Gadgets

The problem with CES and ‘MommyTech’

Above: Whirlpool's idea of "MommyTech."

Image Credit: J. O'Dell / VentureBeat

CES 2014

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LAS VEGAS — In my final hours at the 2014 International CES, I’m poking around the MommyTech TechZone — the designated pink-collar show floor at the Venetian.

Other TechZones include robotics and education technologies. This one intrigued me more, however, simply because of its name: What, in fact, is MommyTech?

“What do they have there, the latest breast pumps?” a colleague wondered aloud in the still, dry air of the press room.

That suggestion seemed more to the point than a lot of the applications and gadgets I ended up seeing — at least at first. Because when you identify a woman as a mom and only as a mom, you have to strip away a lot of other aspects of her life. She might be a gamer or a traveler or an employee or a smoker, but in this section of CES, she’s a mom first.

So the gadgets and accessories should speak to the stuff only a mom does, right? If you take away all the presumably dual-parenting tasks like carpooling and caregiving and household management, that leaves … breast pumps.

Of course, CES takes the more antiquated, sexist view that co-parenting isn’t actually a thing, and moms are, for the purposes of this show, positioned squarely in the kitchen with a baby monitor on the counter and a toddler with an iPad on the floor.

Literally. The largest booth in the zone is a kitchen/dining room/laundry room, courtesy of Whirlpool. There, a model presides over an immaculately set table next to a range of ranges. Washer-dryer sets occupy another corner, and attendees curiously peer into a large refrigerator on the opposite wall. It also has a decorative display of neon-stickered microwaves that are much too small for an ordinary, full-size kitchen.

Were these microwaves made for college students, I asked a booth rep. She told me they were and launched into a quick list of their features and benefits.

So, if these were for young adults and the other appliances were presumably for the use of the entire family, why call it “MommyTech”?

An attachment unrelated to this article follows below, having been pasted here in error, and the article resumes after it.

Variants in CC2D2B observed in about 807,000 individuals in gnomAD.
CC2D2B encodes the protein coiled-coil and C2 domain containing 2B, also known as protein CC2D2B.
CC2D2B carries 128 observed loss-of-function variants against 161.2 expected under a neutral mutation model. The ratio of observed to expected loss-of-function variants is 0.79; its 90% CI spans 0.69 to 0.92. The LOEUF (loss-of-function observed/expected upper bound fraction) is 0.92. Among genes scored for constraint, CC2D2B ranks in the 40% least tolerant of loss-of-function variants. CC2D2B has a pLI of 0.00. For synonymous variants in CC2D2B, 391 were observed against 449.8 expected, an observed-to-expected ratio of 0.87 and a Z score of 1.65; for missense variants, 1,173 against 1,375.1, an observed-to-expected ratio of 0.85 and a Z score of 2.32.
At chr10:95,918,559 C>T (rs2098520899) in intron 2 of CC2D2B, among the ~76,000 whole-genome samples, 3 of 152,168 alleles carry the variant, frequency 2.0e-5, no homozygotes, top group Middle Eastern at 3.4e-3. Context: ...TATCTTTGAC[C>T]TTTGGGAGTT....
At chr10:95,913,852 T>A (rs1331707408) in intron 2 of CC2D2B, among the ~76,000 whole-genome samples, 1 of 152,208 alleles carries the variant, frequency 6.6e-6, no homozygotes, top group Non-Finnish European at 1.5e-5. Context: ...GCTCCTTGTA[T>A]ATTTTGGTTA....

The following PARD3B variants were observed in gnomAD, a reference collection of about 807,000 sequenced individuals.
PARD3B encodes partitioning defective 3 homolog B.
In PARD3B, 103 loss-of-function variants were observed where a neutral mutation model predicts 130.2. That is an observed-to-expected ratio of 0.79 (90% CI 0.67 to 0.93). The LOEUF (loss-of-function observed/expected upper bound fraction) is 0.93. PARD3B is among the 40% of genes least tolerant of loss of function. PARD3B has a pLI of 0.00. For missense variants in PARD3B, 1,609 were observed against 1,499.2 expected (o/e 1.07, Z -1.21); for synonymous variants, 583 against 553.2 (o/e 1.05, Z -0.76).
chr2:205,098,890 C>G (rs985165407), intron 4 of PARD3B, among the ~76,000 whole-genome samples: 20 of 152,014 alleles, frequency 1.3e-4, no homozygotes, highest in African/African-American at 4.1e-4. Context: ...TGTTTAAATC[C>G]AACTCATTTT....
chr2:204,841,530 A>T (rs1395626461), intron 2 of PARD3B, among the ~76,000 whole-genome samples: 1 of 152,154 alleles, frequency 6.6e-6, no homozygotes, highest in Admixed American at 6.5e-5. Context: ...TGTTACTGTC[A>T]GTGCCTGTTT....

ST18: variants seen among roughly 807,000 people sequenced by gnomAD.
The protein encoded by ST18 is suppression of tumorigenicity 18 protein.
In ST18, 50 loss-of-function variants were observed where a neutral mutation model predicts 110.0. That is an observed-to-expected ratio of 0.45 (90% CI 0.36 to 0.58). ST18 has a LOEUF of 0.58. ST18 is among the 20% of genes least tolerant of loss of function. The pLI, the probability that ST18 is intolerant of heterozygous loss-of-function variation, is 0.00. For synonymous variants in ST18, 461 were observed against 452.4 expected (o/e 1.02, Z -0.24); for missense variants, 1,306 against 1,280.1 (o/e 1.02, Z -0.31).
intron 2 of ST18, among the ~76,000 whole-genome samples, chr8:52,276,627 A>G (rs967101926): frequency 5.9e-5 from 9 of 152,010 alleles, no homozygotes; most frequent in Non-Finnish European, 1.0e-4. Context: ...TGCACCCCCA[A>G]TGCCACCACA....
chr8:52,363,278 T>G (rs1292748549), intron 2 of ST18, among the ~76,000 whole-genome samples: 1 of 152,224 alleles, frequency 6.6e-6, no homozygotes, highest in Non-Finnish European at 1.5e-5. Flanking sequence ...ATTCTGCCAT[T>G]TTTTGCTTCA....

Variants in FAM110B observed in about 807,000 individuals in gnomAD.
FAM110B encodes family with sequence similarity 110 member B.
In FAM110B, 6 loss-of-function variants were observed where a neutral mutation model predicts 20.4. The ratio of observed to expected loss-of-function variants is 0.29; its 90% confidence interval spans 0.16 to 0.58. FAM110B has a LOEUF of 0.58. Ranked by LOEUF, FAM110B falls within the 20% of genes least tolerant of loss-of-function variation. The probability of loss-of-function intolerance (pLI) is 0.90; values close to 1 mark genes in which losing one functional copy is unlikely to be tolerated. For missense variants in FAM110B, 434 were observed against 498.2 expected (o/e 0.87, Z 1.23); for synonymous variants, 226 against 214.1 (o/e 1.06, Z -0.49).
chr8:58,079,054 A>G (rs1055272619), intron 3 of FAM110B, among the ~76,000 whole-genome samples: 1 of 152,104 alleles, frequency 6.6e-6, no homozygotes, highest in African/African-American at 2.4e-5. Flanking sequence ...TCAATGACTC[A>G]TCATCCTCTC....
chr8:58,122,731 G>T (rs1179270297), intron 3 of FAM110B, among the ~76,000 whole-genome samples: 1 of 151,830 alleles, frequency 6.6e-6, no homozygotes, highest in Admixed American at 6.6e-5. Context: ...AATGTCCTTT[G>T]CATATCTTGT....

“We do purposeful technology,” the rep said, noting that none of these items were prototypes or dreams for the future. I had and still have no clue how that statement related to the question at hand, but the spokesperson continued.

“The mom makes a lot of the family purchases” — a marketing maxim that would get worn on on this day — “and the mom is responsible for these tasks.

Well, there you have it. Sorry, Mom. You’re going to be stuck in your dream kitchen for a while if Whirlpool and CES have anything to say about it.

Most of the rest of the MommyTech exhibitors were in the same camp — let’s keep moms cooking, cleaning, and caregiving, but let’s try to make cooking, cleaning, and caregiving more modern and fun.

One exhibitor, smart home lock system SimpliciKey, told me, “We designed this lock with busy moms in mind. Her hands are full, she’s holding onto groceries, she’s got a baby in one arm, and if anyone deserves to go keyless, it’s Mom.”

Holy crap. The poor woman. She doesn’t need a keyless entry system — she needs a co-parenting partner.

“The response we’ve gotten from dads is that it’s cool but not necessarily something they need,” the SimpliciKey rep continued. “We see the mom as someone who can appreciate its utility.”

Netgear sold us a similar scenario along with the Wi-Fi hotspot the company was peddling in the MommyTech zone.

The idea, the spokesperson explained, is that the mom is driving kids around, waiting to pick kids up, trying to get everything done “on the go” because she’s so busy she can’t wait until she gets home to do her computing. Netgear’s mom also has a job in addition to soccer-age kids; dad, the rep said, gets a different pitch because he’s not “the hub of the family.”

(Chin up, Dad. Your day will come.)

Can you even imagine a two-mom household in this version of reality? Both of them standing at the door at 6 p.m. with baguettes, celery, and mewling, colicky infants, each secretly wondering if lesbianism was really all it’s cracked up to be.

Altogether, making tech for this kind of mom sounds about as idiotic as bedazzling a mop handle. But beyond the white picket fence of the American Dream family home, Mom still is responsible for a lot of those tasks, whether she likes it or not. Sexist or not, that’s our culture.

Heck, I’m not a mom (except in the dog-parent sense), but I’m still seemingly responsible for stuff like dinner and housekeeping and planning outings. If I don’t do it myself, I’m responsible for delegating it. And if you’ll take a trip with me down Women’s Studies Lane, that means I work harder at home, which takes time away from my real job, which means I sometimes miss opportunities or stories, which means I probably make less money than if I were a childless man-machine, or even a dad.

And, forgive me, Ms. Gloria Steinem, I actually really like cooking and hosting dinners and all that Donna Reed bullcrap. Like I said, that’s our culture.

So don’t let’s look to CES to break any real ground in gadgetry, let alone gender roles. Here and now, Mommie Dearest gets bedazzled headphones and a child-proof iPhone case and a polka dot washer-dryer set.

Maybe in years to come, CES can pull its head out of its butt just long enough to rename this zone FamilyTech — and maybe even create another zone called LadyTech, which is surely inviting overt sexism the likes of which we don’t encounter nearly enough around here. (We secretly love getting those pitches because they are hilarious.)

So, here’s a photo-tour of MommyTech. Enjoy.


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